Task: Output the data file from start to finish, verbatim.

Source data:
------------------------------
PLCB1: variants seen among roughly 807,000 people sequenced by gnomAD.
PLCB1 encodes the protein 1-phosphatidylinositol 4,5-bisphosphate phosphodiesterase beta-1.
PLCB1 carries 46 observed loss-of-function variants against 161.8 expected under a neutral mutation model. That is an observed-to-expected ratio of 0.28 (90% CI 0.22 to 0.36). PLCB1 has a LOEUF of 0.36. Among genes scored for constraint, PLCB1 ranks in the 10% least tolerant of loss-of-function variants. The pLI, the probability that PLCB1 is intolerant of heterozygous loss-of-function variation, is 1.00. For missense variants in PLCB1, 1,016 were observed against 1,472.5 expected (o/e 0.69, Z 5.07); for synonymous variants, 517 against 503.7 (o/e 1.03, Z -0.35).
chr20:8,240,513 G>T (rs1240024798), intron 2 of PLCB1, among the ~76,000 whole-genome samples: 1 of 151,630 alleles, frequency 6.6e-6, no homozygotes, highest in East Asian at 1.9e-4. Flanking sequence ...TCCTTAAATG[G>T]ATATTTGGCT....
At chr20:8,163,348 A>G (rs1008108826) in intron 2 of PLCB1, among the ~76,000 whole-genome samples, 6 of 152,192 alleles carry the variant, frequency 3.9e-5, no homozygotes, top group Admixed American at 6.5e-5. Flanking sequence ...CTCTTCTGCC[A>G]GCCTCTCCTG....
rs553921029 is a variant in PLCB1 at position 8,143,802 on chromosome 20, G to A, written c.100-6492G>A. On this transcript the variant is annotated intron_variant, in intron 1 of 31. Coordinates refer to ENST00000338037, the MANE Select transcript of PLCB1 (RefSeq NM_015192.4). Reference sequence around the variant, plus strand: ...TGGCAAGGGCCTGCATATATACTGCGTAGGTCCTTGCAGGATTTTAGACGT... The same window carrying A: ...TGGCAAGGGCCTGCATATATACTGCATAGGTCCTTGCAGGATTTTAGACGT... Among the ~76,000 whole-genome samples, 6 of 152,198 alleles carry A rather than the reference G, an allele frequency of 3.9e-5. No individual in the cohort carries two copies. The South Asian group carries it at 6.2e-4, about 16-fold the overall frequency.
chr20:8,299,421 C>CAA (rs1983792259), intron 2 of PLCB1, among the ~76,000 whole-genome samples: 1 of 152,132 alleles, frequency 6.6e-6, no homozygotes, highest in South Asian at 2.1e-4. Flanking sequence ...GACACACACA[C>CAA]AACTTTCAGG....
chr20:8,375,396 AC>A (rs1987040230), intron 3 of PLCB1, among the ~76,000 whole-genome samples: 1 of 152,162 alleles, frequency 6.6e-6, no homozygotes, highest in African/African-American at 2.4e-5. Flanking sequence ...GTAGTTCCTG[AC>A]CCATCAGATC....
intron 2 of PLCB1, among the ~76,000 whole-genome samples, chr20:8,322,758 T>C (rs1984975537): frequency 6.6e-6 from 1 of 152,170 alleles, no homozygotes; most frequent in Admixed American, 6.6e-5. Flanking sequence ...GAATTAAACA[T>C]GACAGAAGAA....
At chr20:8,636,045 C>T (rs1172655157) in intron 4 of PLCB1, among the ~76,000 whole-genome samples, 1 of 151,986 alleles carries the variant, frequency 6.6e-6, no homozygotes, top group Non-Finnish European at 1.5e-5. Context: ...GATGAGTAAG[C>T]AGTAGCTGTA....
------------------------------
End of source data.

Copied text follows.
PLCB1: variants seen among roughly 807,000 people sequenced by gnomAD.
PLCB1 encodes the protein 1-phosphatidylinositol 4,5-bisphosphate phosphodiesterase beta-1.
PLCB1 carries 46 observed loss-of-function variants against 161.8 expected under a neutral mutation model. That is an observed-to-expected ratio of 0.28 (90% CI 0.22 to 0.36). PLCB1 has a LOEUF of 0.36. Among genes scored for constraint, PLCB1 ranks in the 10% least tolerant of loss-of-function variants. The pLI, the probability that PLCB1 is intolerant of heterozygous loss-of-function variation, is 1.00. For missense variants in PLCB1, 1,016 were observed against 1,472.5 expected (o/e 0.69, Z 5.07); for synonymous variants, 517 against 503.7 (o/e 1.03, Z -0.35).
chr20:8,240,513 G>T (rs1240024798), intron 2 of PLCB1, among the ~76,000 whole-genome samples: 1 of 151,630 alleles, frequency 6.6e-6, no homozygotes, highest in East Asian at 1.9e-4. Flanking sequence ...TCCTTAAATG[G>T]ATATTTGGCT....
At chr20:8,163,348 A>G (rs1008108826) in intron 2 of PLCB1, among the ~76,000 whole-genome samples, 6 of 152,192 alleles carry the variant, frequency 3.9e-5, no homozygotes, top group Admixed American at 6.5e-5. Flanking sequence ...CTCTTCTGCC[A>G]GCCTCTCCTG....
rs553921029 is a variant in PLCB1 at position 8,143,802 on chromosome 20, G to A, written c.100-6492G>A. On this transcript the variant is annotated intron_variant, in intron 1 of 31. Coordinates refer to ENST00000338037, the MANE Select transcript of PLCB1 (RefSeq NM_015192.4). Reference sequence around the variant, plus strand: ...TGGCAAGGGCCTGCATATATACTGCGTAGGTCCTTGCAGGATTTTAGACGT... The same window carrying A: ...TGGCAAGGGCCTGCATATATACTGCATAGGTCCTTGCAGGATTTTAGACGT... Among the ~76,000 whole-genome samples, 6 of 152,198 alleles carry A rather than the reference G, an allele frequency of 3.9e-5. No individual in the cohort carries two copies. The South Asian group carries it at 6.2e-4, about 16-fold the overall frequency.
chr20:8,299,421 C>CAA (rs1983792259), intron 2 of PLCB1, among the ~76,000 whole-genome samples: 1 of 152,132 alleles, frequency 6.6e-6, no homozygotes, highest in South Asian at 2.1e-4. Flanking sequence ...GACACACACA[C>CAA]AACTTTCAGG....
chr20:8,375,396 AC>A (rs1987040230), intron 3 of PLCB1, among the ~76,000 whole-genome samples: 1 of 152,162 alleles, frequency 6.6e-6, no homozygotes, highest in African/African-American at 2.4e-5. Flanking sequence ...GTAGTTCCTG[AC>A]CCATCAGATC....
intron 2 of PLCB1, among the ~76,000 whole-genome samples, chr20:8,322,758 T>C (rs1984975537): frequency 6.6e-6 from 1 of 152,170 alleles, no homozygotes; most frequent in Admixed American, 6.6e-5. Flanking sequence ...GAATTAAACA[T>C]GACAGAAGAA....
At chr20:8,636,045 C>T (rs1172655157) in intron 4 of PLCB1, among the ~76,000 whole-genome samples, 1 of 151,986 alleles carries the variant, frequency 6.6e-6, no homozygotes, top group Non-Finnish European at 1.5e-5. Context: ...GATGAGTAAG[C>T]AGTAGCTGTA....